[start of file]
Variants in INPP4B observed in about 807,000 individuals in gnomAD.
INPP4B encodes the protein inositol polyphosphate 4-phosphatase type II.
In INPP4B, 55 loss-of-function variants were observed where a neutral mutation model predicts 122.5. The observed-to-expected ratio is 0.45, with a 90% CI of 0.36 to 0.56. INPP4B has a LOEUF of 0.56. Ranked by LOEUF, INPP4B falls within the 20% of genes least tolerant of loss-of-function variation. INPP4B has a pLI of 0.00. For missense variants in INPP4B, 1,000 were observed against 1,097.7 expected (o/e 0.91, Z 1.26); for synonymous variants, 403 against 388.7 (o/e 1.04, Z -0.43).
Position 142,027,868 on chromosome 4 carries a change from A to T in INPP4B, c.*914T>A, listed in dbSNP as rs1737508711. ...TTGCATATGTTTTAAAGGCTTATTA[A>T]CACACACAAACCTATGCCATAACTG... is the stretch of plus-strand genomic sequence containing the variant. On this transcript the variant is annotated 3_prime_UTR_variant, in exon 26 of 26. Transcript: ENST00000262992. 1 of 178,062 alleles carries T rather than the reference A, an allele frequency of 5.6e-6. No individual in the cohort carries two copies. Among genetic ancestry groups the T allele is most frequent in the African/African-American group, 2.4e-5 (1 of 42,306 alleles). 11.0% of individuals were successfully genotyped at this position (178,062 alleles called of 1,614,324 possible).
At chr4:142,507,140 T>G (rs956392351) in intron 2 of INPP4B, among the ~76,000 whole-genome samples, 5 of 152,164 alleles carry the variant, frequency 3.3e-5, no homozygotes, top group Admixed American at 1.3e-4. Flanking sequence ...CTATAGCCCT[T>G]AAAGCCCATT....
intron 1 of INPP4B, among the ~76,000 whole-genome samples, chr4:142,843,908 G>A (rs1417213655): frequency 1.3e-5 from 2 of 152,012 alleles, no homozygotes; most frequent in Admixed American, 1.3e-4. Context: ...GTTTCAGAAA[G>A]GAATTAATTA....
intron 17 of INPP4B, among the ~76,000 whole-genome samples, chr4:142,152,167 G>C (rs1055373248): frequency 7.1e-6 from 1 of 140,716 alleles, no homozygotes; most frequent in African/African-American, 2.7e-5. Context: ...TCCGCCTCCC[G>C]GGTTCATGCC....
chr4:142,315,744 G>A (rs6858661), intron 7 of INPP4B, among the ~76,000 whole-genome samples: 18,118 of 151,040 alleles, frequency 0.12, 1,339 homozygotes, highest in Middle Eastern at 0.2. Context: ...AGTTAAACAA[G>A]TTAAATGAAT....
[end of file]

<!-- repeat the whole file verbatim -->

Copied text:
Variants in INPP4B observed in about 807,000 individuals in gnomAD.
INPP4B encodes the protein inositol polyphosphate 4-phosphatase type II.
In INPP4B, 55 loss-of-function variants were observed where a neutral mutation model predicts 122.5. The observed-to-expected ratio is 0.45, with a 90% CI of 0.36 to 0.56. INPP4B has a LOEUF of 0.56. Ranked by LOEUF, INPP4B falls within the 20% of genes least tolerant of loss-of-function variation. INPP4B has a pLI of 0.00. For missense variants in INPP4B, 1,000 were observed against 1,097.7 expected (o/e 0.91, Z 1.26); for synonymous variants, 403 against 388.7 (o/e 1.04, Z -0.43).
Position 142,027,868 on chromosome 4 carries a change from A to T in INPP4B, c.*914T>A, listed in dbSNP as rs1737508711. ...TTGCATATGTTTTAAAGGCTTATTA[A>T]CACACACAAACCTATGCCATAACTG... is the stretch of plus-strand genomic sequence containing the variant. On this transcript the variant is annotated 3_prime_UTR_variant, in exon 26 of 26. Transcript: ENST00000262992. 1 of 178,062 alleles carries T rather than the reference A, an allele frequency of 5.6e-6. No individual in the cohort carries two copies. Among genetic ancestry groups the T allele is most frequent in the African/African-American group, 2.4e-5 (1 of 42,306 alleles). 11.0% of individuals were successfully genotyped at this position (178,062 alleles called of 1,614,324 possible).
At chr4:142,507,140 T>G (rs956392351) in intron 2 of INPP4B, among the ~76,000 whole-genome samples, 5 of 152,164 alleles carry the variant, frequency 3.3e-5, no homozygotes, top group Admixed American at 1.3e-4. Flanking sequence ...CTATAGCCCT[T>G]AAAGCCCATT....
intron 1 of INPP4B, among the ~76,000 whole-genome samples, chr4:142,843,908 G>A (rs1417213655): frequency 1.3e-5 from 2 of 152,012 alleles, no homozygotes; most frequent in Admixed American, 1.3e-4. Context: ...GTTTCAGAAA[G>A]GAATTAATTA....
intron 17 of INPP4B, among the ~76,000 whole-genome samples, chr4:142,152,167 G>C (rs1055373248): frequency 7.1e-6 from 1 of 140,716 alleles, no homozygotes; most frequent in African/African-American, 2.7e-5. Context: ...TCCGCCTCCC[G>C]GGTTCATGCC....
chr4:142,315,744 G>A (rs6858661), intron 7 of INPP4B, among the ~76,000 whole-genome samples: 18,118 of 151,040 alleles, frequency 0.12, 1,339 homozygotes, highest in Middle Eastern at 0.2. Context: ...AGTTAAACAA[G>A]TTAAATGAAT....